And don’t forget the then-famous, now infamous, tweet about the inherent value of NFTs that encapsulated all that was misconceived about the enterprise. Namely, the assumption that virtual value could trump physical value: “If you make an NFT of a real diamond, and the diamond itself gets destroyed in a fire tomorrow, you still have the same asset” it went. A tweet for the ages, indeed.

In short, we’ve uncovered the ‘state line’ of the virtual world beyond which it has no jurisdiction. We now understand that which can be rendered digitally, and that which requires a sensorial interaction.

None of this is to say that we should return to the pre-internet era of rotary dial phones and cathode ray TVs. Rather that we live in a physical world and always will.

Ever since the evolution of opposable thumbs, giving rise to what anthropologists call the ‘precision grip’, we have been an inherently tactile species. We needed haptic feedback to feel that the flint axe had penetrated its prey. We needed to smell smoke on the wind to know competing tribes were nearby.

This seems contrary to a future many prophesied. Sci-fi film Forbidden Planet predicted we would gain the technology to live life ‘without instrumentation’ and become beings that could control their environment by our minds alone.

Echoing the sentiment, when Xbox introduced the Kinect in 2010, it was deemed a revolution in gaming as players now could control the action using their body alone – a wave of their hands, a kick of their leg. But by 2017, it had been discontinued, after a lack of support amongst the software community. Meanwhile, the Xbox’ chunky controller, with its multiple punchable buttons and ergonomic hand grips, remains to this day.

Even in modern day, we are still the cavemen of the precision grip. We still prefer the thunk of buttons and the click and snick of dials to know the machine is working.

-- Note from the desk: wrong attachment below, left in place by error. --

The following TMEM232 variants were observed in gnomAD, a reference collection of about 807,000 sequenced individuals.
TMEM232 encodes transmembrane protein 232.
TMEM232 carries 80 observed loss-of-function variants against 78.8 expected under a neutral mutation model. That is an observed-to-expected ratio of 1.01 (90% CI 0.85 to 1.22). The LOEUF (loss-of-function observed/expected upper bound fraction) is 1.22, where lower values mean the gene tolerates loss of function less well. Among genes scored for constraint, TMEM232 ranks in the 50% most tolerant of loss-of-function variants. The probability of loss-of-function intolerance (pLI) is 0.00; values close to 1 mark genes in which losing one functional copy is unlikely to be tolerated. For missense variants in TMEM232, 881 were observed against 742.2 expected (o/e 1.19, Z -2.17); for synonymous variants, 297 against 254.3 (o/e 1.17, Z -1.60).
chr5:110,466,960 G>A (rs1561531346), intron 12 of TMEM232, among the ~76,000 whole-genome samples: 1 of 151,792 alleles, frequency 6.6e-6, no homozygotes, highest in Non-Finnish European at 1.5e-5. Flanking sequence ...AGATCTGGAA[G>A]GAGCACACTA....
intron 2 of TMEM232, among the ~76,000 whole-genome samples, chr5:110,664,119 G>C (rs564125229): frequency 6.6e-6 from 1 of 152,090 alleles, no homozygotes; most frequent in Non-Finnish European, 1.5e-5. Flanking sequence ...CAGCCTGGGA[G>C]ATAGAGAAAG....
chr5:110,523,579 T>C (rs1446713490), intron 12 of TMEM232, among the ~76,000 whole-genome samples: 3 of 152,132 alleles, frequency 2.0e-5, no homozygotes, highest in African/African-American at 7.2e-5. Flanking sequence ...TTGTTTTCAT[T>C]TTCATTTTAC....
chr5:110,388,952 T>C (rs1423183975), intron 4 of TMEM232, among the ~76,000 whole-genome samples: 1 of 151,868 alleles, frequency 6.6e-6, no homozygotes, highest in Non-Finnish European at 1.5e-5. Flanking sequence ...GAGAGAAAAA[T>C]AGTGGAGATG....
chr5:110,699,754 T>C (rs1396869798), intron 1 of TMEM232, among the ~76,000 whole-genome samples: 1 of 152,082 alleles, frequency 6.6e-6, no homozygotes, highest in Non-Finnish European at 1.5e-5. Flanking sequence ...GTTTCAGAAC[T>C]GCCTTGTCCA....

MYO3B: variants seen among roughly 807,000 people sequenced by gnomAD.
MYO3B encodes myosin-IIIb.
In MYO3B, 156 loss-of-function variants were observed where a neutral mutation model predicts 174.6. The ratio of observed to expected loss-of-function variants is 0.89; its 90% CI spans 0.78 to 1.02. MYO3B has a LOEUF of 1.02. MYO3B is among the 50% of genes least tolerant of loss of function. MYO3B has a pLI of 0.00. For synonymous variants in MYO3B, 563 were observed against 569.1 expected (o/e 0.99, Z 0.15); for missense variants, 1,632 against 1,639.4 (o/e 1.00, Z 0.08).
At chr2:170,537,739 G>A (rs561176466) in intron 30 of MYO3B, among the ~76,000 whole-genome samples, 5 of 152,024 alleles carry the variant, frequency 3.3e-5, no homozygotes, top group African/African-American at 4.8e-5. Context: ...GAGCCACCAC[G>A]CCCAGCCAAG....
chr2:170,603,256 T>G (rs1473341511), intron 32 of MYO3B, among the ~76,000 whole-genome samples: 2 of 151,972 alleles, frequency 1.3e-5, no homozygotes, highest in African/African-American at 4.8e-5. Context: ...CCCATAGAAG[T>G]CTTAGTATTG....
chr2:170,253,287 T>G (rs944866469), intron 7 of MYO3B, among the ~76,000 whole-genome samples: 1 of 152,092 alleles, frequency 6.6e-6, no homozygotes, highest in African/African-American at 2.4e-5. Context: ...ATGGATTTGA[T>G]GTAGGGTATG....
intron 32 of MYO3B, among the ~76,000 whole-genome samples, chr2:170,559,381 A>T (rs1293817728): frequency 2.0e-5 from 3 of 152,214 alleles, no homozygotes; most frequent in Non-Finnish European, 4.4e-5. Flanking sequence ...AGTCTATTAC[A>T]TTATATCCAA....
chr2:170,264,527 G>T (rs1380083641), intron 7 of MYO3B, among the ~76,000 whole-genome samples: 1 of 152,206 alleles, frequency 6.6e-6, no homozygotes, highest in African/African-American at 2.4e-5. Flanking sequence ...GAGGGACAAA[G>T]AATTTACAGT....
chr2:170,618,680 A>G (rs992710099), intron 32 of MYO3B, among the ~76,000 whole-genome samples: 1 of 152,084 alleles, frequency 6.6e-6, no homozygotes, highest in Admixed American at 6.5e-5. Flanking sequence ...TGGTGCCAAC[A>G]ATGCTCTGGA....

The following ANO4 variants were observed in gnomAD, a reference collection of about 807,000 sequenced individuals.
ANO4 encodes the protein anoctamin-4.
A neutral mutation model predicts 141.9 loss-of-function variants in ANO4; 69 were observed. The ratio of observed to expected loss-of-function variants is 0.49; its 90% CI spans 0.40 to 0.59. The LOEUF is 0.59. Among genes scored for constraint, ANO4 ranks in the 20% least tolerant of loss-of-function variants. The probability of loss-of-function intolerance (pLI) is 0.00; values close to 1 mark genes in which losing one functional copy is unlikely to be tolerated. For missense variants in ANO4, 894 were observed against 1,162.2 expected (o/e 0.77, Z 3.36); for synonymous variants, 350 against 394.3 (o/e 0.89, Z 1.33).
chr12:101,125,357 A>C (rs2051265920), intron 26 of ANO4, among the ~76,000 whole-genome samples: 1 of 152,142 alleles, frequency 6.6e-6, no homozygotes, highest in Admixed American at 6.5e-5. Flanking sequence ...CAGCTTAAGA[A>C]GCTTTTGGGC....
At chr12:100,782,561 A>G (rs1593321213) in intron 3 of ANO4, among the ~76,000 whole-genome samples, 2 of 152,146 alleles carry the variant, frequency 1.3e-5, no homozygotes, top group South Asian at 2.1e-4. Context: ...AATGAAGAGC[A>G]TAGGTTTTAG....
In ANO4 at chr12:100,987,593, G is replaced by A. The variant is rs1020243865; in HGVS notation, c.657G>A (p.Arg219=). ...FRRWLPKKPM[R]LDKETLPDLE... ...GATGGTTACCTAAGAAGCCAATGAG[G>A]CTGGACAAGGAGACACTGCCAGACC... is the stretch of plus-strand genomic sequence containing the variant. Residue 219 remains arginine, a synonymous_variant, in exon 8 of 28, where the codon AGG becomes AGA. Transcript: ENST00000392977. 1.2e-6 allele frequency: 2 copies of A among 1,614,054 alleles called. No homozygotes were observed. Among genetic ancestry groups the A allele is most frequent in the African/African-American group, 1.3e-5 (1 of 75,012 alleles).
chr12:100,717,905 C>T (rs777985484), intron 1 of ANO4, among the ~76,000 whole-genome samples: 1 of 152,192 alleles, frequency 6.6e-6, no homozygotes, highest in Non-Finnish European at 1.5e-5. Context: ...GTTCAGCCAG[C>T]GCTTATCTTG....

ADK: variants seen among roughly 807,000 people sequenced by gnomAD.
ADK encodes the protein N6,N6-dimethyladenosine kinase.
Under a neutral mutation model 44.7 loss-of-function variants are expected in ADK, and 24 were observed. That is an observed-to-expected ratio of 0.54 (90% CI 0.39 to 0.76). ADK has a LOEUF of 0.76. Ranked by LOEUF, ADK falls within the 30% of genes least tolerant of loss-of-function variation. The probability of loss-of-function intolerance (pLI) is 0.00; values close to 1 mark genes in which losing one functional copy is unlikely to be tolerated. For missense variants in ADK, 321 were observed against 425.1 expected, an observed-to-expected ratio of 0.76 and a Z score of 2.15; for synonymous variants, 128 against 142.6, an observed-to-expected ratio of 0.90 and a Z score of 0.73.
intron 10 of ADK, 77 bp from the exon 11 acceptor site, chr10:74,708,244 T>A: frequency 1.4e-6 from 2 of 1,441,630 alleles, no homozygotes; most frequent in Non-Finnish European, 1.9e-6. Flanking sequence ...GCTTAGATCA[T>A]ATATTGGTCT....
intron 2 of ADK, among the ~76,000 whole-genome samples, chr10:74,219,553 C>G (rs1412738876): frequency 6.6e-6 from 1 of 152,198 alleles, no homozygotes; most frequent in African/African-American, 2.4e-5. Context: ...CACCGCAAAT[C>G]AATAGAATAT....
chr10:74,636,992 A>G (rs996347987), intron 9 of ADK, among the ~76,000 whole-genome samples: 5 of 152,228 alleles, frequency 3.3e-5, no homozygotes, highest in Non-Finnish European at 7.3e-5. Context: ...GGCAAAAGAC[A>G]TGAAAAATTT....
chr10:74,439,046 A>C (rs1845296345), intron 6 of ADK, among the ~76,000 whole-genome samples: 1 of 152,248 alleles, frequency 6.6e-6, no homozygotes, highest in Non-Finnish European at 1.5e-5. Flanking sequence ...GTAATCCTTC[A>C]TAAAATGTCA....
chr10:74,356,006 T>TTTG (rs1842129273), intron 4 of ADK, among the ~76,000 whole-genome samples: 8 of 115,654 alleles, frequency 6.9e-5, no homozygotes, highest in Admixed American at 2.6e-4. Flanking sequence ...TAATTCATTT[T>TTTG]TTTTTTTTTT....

Physicality in omnichannel marketing

We often use the term Omnichannel in our marketing to signal our desire to fully-integrate our channels. But it’s so much more than just ensuring we have a plethora of options on our plan, and that they cross-reference each other’s existence for the sake of continuity, consistency and cumulative reach.

It’s also about making sure that we are using differing avenues where customers can gain the best exposure to differing aspects of the product.

For some brands, there will be those elements that cannot be communicated by digital or virtual alone, but rather can only be experienced through haptic feedback. Feel the weight. Squeeze the button. Pick at the stitching.

In marketing, then, we should think beyond digital and into physical. Retail. Sampling. Outdoor special builds. Don’t forget about showcasing materials – the smell, the taste, the sound. Then, and only then, we can bring the digital and virtual back into the mix, and ask: can we use modern technology to help consumers access a physical interaction rather than replace it?

And so back to An Impossible Project, with a minor spoiler alert. The Polaroid camera has now returned. Currently, the factory is producing over 1 million films a year. Now it is bluetooth enabled and optimised for the Instagram generation [Instagram’s original logo, by the way, was based on a Polaroid camera].

Most important, it still fires physical photos out of the front seconds after the image has been taken, and now the image develops in record time. The connectivity has been improved, but also the chemistry too. Digital and physical in support of another.

We don’t live in a virtual world. We live in the real world. But there is a sweet spot where we can harness the best of both worlds.

Phil Rowley is head of futures at Omnicom Media Group UK and the author of Hit the Switch: the Future of Sustainable Business. He writes a monthly column for The Media Leader about the future of media.